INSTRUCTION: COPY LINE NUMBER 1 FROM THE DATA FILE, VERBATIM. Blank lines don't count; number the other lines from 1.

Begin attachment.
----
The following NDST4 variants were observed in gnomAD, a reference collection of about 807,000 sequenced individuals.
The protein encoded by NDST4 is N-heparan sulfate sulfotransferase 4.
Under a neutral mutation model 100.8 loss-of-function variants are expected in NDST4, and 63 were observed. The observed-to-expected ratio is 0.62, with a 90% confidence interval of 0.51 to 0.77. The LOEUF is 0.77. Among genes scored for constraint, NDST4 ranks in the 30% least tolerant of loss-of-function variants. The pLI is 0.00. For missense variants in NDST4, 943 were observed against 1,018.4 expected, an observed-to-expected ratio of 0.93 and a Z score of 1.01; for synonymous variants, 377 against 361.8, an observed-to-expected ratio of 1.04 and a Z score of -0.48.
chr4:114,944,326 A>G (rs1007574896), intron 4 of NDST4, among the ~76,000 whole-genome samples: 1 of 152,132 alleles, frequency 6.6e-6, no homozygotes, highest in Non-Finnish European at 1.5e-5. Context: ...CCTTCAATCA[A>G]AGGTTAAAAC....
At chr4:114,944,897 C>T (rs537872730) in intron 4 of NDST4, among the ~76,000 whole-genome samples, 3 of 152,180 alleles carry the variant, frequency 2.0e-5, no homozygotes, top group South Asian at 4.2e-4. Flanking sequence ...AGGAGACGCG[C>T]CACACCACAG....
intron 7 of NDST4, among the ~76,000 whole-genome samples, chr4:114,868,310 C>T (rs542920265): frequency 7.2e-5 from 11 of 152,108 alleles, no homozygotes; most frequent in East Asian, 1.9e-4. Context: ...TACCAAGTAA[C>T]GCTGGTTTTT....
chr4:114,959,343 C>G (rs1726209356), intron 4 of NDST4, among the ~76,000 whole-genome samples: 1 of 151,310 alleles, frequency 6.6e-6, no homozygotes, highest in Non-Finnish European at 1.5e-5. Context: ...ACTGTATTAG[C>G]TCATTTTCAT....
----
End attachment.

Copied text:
The following NDST4 variants were observed in gnomAD, a reference collection of about 807,000 sequenced individuals.